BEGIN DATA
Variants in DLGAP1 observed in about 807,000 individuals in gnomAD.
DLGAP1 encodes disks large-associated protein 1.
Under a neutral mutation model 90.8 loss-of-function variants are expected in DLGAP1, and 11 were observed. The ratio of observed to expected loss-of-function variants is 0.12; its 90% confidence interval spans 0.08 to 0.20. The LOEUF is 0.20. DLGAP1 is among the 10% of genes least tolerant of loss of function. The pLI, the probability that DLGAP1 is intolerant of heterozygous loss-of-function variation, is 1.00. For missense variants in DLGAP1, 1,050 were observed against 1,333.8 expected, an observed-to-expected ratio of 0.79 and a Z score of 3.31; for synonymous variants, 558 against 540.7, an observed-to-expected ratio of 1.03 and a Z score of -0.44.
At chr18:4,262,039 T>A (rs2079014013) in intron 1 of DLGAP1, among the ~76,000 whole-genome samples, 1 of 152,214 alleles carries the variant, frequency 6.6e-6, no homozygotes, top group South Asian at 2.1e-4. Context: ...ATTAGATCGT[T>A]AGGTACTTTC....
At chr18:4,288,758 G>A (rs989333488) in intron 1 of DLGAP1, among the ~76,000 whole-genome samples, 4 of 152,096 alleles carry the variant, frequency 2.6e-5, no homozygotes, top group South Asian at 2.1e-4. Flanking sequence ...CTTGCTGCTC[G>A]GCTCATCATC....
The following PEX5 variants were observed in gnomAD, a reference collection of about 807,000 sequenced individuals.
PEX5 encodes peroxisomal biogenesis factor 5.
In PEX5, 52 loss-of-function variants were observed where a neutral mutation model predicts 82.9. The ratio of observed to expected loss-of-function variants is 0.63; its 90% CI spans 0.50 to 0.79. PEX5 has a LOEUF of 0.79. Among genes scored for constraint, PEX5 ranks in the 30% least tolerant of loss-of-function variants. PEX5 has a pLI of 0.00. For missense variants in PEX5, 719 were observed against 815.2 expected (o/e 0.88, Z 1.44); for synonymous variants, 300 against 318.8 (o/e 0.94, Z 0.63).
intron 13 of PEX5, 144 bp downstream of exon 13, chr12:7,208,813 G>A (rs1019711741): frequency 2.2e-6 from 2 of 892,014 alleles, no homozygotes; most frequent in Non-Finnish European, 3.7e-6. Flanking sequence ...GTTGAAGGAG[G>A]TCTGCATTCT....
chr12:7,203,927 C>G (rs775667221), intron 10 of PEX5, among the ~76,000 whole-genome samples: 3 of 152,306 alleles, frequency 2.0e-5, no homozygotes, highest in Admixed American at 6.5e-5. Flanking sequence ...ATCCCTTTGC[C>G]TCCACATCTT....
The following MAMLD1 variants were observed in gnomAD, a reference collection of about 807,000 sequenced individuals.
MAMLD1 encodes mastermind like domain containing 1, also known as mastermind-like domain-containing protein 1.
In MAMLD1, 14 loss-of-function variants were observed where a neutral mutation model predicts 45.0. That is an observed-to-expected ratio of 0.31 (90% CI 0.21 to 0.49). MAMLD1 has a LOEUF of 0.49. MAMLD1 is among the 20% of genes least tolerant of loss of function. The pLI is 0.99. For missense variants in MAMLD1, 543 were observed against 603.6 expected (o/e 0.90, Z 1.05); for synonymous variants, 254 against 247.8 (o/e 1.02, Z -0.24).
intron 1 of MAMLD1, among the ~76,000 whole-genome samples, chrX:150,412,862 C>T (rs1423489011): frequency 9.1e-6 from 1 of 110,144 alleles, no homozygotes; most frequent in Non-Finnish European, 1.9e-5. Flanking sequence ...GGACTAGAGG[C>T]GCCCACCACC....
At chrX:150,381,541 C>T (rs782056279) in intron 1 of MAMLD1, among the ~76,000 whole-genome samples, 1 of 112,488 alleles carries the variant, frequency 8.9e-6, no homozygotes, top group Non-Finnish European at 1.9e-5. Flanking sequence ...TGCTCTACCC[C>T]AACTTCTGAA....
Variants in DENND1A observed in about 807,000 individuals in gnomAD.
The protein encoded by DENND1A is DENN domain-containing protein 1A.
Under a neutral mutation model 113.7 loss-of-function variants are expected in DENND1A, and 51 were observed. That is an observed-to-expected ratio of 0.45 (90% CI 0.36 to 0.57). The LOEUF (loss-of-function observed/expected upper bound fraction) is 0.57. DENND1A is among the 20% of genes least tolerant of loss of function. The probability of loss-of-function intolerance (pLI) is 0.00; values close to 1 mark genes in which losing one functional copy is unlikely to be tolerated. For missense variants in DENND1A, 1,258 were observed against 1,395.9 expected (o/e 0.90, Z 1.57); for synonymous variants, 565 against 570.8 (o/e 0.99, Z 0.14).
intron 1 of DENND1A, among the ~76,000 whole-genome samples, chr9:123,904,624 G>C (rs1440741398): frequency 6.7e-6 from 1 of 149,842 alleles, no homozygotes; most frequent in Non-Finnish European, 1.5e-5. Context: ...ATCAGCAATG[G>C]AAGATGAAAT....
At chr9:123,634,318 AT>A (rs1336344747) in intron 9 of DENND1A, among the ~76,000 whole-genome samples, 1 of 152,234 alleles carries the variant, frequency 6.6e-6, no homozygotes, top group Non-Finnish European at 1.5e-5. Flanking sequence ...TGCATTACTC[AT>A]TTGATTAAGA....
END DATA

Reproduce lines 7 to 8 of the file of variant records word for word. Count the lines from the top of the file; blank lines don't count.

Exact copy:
PEX5 encodes peroxisomal biogenesis factor 5.
In PEX5, 52 loss-of-function variants were observed where a neutral mutation model predicts 82.9. The ratio of observed to expected loss-of-function variants is 0.63; its 90% CI spans 0.50 to 0.79. PEX5 has a LOEUF of 0.79. Among genes scored for constraint, PEX5 ranks in the 30% least tolerant of loss-of-function variants. PEX5 has a pLI of 0.00. For missense variants in PEX5, 719 were observed against 815.2 expected (o/e 0.88, Z 1.44); for synonymous variants, 300 against 318.8 (o/e 0.94, Z 0.63).